Pip meets Andreas Wolf, born in the 1950s in East Germany, who is a rival of Julian Assange. He runs an operation called the Sunlight Project from his refuge in Boliva. The mission is to expose corruption in the world's governments. So Pip heads to South America to take an internship there, thinking it may help her locate her missing father.
Franzen writes for The New Yorker magazine. His 1996 Harper's essay Perchance to Dream bemoaned the state of contemporary literature. 2001's selection of The Corrections for Oprah Winfrey's book club led to a much publicized feud with the talk show host. In recent years, Franzen has become recognized for his purveyance of opinions on everything from social networking services such as Twitter ("the ultimate irresponsible medium") and the proliferation of e-books ("just not permanent enough") to the disintegration of Europe ("The people making the decisions in Europe are bankers. The technicians of finance are making the decisions there. It has very little to do with democracy or the will of the people.") and the self-destruction of America ("almost a rogue state").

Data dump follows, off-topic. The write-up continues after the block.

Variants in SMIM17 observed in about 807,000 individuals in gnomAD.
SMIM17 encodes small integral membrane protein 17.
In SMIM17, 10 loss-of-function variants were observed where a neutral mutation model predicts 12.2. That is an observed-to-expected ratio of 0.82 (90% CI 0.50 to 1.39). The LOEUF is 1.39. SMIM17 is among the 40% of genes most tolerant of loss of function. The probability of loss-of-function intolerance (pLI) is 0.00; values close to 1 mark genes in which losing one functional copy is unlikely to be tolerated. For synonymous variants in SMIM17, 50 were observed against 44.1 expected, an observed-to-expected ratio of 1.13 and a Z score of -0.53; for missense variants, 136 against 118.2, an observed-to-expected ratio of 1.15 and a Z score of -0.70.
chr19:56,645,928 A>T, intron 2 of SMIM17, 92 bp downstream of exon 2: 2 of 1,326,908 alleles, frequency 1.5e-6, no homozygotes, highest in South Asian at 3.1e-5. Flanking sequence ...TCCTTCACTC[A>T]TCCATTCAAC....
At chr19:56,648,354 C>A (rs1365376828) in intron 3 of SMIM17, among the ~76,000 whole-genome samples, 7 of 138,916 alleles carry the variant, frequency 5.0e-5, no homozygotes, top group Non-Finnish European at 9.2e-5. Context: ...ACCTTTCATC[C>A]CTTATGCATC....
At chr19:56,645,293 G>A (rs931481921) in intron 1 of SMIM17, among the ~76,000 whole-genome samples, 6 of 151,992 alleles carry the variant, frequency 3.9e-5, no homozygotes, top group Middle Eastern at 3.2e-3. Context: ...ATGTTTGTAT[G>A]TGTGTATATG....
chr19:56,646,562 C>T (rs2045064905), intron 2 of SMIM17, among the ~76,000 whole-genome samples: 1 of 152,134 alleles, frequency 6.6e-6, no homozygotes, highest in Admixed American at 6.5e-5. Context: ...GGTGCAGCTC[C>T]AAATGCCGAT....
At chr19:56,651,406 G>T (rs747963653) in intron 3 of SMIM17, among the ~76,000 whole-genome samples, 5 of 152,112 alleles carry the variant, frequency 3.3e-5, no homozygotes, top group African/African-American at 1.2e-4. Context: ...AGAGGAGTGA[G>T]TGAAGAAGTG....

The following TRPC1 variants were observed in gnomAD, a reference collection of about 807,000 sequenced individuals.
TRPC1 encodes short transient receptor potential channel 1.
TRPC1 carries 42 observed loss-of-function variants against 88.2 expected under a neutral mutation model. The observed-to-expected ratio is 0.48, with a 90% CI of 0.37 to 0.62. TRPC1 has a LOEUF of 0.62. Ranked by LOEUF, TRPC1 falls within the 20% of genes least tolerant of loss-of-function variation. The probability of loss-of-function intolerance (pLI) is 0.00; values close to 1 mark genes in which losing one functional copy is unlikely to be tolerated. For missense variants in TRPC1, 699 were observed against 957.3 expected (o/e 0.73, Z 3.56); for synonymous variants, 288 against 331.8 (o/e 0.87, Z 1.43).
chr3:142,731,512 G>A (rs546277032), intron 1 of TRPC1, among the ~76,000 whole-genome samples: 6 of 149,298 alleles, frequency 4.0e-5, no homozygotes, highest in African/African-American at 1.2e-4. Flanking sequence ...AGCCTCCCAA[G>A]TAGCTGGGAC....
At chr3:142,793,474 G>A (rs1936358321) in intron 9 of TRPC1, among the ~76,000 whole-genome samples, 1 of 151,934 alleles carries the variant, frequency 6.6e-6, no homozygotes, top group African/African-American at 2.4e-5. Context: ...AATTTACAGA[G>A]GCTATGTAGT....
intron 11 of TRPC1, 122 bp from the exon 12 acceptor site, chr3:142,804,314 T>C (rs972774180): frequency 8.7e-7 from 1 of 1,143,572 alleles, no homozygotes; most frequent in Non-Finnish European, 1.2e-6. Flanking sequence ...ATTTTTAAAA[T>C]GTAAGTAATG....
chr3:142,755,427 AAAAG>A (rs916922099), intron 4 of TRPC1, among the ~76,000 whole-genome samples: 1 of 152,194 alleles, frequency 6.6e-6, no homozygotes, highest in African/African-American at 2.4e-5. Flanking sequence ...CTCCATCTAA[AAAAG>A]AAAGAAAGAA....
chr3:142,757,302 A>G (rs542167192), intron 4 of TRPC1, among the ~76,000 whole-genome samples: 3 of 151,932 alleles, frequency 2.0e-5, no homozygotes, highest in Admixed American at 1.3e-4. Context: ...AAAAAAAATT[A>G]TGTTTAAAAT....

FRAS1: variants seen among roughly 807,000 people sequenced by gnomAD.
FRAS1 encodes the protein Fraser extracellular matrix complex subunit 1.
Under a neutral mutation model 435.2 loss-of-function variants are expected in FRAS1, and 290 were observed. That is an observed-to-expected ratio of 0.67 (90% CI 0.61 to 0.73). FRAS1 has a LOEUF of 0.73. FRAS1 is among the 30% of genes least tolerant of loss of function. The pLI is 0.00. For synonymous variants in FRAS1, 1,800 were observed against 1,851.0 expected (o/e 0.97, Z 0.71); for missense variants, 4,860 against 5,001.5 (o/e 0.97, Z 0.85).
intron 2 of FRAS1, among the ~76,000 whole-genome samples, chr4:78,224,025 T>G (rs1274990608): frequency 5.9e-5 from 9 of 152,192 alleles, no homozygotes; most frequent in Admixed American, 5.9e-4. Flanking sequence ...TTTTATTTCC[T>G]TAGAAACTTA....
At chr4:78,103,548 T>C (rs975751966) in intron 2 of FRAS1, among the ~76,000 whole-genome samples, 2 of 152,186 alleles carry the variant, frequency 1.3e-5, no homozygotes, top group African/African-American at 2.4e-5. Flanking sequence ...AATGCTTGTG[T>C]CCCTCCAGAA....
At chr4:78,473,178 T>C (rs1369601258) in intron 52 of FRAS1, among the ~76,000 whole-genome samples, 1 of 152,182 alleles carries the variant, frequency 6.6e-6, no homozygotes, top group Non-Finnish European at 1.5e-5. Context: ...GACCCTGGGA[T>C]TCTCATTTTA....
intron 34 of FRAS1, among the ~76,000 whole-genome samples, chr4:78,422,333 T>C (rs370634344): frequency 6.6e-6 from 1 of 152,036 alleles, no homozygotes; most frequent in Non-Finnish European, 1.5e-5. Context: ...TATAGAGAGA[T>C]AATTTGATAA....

Other books we've read by the same author:Freedom